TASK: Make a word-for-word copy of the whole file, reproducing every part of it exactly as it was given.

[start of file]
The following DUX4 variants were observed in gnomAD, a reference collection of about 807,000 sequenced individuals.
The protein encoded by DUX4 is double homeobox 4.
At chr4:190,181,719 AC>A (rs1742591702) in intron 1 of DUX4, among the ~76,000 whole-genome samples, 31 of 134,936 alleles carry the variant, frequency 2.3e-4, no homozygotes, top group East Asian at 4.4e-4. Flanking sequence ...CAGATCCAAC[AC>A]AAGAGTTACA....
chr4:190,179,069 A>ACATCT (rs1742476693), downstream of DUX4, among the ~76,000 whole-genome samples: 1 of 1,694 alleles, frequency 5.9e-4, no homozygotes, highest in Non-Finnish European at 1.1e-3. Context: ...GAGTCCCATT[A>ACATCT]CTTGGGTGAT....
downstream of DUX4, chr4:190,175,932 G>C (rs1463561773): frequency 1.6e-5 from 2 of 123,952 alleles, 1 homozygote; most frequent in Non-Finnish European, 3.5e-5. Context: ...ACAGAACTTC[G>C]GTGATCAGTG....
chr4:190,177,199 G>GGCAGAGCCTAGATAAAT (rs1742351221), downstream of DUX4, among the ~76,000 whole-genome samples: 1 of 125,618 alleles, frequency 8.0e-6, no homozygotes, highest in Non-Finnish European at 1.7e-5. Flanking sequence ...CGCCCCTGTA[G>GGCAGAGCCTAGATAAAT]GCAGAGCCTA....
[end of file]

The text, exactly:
The following DUX4 variants were observed in gnomAD, a reference collection of about 807,000 sequenced individuals.
The protein encoded by DUX4 is double homeobox 4.
At chr4:190,181,719 AC>A (rs1742591702) in intron 1 of DUX4, among the ~76,000 whole-genome samples, 31 of 134,936 alleles carry the variant, frequency 2.3e-4, no homozygotes, top group East Asian at 4.4e-4. Flanking sequence ...CAGATCCAAC[AC>A]AAGAGTTACA....
chr4:190,179,069 A>ACATCT (rs1742476693), downstream of DUX4, among the ~76,000 whole-genome samples: 1 of 1,694 alleles, frequency 5.9e-4, no homozygotes, highest in Non-Finnish European at 1.1e-3. Context: ...GAGTCCCATT[A>ACATCT]CTTGGGTGAT....
downstream of DUX4, chr4:190,175,932 G>C (rs1463561773): frequency 1.6e-5 from 2 of 123,952 alleles, 1 homozygote; most frequent in Non-Finnish European, 3.5e-5. Context: ...ACAGAACTTC[G>C]GTGATCAGTG....
chr4:190,177,199 G>GGCAGAGCCTAGATAAAT (rs1742351221), downstream of DUX4, among the ~76,000 whole-genome samples: 1 of 125,618 alleles, frequency 8.0e-6, no homozygotes, highest in Non-Finnish European at 1.7e-5. Flanking sequence ...CGCCCCTGTA[G>GGCAGAGCCTAGATAAAT]GCAGAGCCTA....